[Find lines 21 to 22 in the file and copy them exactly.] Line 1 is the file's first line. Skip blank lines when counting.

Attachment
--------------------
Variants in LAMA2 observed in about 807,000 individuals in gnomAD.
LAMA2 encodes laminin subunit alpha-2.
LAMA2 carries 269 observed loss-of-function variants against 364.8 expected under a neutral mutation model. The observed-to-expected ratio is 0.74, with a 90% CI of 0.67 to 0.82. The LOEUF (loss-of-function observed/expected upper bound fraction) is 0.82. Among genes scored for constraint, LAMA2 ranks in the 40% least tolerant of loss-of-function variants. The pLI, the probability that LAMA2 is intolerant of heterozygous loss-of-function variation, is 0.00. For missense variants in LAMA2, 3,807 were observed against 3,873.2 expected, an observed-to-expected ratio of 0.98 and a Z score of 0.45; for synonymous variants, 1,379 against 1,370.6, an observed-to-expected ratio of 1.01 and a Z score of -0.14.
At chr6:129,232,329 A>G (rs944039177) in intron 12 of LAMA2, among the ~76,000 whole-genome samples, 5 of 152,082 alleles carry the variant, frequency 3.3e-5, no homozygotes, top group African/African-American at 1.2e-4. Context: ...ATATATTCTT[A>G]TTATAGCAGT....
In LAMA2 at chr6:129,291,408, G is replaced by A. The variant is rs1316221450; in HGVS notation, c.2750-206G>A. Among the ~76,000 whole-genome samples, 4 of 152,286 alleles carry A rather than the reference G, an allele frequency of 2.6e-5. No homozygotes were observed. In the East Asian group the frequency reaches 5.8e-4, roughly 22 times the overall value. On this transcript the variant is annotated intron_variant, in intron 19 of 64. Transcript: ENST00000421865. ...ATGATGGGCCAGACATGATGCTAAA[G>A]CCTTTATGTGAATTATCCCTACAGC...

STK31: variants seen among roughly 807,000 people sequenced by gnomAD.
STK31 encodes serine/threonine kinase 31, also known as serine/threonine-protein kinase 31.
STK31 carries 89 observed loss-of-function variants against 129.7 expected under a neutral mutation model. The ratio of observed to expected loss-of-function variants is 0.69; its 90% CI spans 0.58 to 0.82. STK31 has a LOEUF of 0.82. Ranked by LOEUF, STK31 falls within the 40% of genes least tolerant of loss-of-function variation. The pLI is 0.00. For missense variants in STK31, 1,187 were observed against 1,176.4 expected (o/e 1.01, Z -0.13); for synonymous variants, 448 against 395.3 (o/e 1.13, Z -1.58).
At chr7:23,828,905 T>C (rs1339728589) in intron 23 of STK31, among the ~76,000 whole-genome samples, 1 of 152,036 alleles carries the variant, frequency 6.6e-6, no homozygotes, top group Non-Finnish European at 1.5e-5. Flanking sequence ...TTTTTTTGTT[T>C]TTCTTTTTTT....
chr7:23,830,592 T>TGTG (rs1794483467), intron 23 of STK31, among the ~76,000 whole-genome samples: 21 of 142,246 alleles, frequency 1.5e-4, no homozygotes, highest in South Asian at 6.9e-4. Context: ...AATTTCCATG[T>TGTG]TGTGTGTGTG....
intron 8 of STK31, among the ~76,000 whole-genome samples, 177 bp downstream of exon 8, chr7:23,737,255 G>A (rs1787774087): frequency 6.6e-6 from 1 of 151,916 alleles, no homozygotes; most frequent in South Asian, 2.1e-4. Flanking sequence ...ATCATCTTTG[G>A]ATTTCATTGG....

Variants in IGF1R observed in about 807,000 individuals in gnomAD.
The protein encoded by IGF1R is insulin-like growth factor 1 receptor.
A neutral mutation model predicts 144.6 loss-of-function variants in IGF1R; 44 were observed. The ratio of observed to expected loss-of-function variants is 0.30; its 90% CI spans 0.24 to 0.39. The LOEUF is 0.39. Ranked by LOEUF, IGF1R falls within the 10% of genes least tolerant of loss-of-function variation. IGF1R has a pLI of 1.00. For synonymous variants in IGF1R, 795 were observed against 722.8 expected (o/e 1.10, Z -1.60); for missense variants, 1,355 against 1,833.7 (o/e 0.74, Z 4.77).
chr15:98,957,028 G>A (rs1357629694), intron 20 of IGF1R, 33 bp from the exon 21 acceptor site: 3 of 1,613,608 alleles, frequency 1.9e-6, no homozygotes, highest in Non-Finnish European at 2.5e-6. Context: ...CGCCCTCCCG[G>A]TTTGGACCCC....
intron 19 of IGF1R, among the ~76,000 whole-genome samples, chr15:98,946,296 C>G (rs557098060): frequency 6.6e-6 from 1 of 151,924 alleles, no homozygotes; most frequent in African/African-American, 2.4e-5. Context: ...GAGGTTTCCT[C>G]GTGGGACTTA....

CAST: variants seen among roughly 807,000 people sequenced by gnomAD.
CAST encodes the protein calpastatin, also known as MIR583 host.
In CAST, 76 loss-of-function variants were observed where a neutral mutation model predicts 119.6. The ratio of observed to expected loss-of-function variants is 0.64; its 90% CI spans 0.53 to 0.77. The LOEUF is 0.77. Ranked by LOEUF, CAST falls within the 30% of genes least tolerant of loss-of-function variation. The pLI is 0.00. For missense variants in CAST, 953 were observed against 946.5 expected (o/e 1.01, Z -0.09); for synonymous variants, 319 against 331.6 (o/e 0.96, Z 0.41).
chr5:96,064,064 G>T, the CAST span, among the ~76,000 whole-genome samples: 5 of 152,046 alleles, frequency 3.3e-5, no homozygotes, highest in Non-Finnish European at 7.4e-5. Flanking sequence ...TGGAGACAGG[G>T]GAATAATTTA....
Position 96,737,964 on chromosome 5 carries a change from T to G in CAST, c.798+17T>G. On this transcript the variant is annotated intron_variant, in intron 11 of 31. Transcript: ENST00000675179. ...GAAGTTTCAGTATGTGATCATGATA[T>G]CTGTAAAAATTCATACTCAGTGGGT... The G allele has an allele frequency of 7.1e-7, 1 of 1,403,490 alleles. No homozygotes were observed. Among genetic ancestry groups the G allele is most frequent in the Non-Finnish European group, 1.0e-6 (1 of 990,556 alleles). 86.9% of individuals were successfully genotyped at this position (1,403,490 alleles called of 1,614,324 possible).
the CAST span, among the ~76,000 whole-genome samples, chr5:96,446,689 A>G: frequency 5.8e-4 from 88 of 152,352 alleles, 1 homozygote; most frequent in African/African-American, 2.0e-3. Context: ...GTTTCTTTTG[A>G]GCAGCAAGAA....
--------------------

Position 96,737,964 on chromosome 5 carries a change from T to G in CAST, c.798+17T>G. On this transcript the variant is annotated intron_variant, in intron 11 of 31. Transcript: ENST00000675179. ...GAAGTTTCAGTATGTGATCATGATA[T>G]CTGTAAAAATTCATACTCAGTGGGT... The G allele has an allele frequency of 7.1e-7, 1 of 1,403,490 alleles. No homozygotes were observed. Among genetic ancestry groups the G allele is most frequent in the Non-Finnish European group, 1.0e-6 (1 of 990,556 alleles). 86.9% of individuals were successfully genotyped at this position (1,403,490 alleles called of 1,614,324 possible).
the CAST span, among the ~76,000 whole-genome samples, chr5:96,446,689 A>G: frequency 5.8e-4 from 88 of 152,352 alleles, 1 homozygote; most frequent in African/African-American, 2.0e-3. Context: ...GTTTCTTTTG[A>G]GCAGCAAGAA....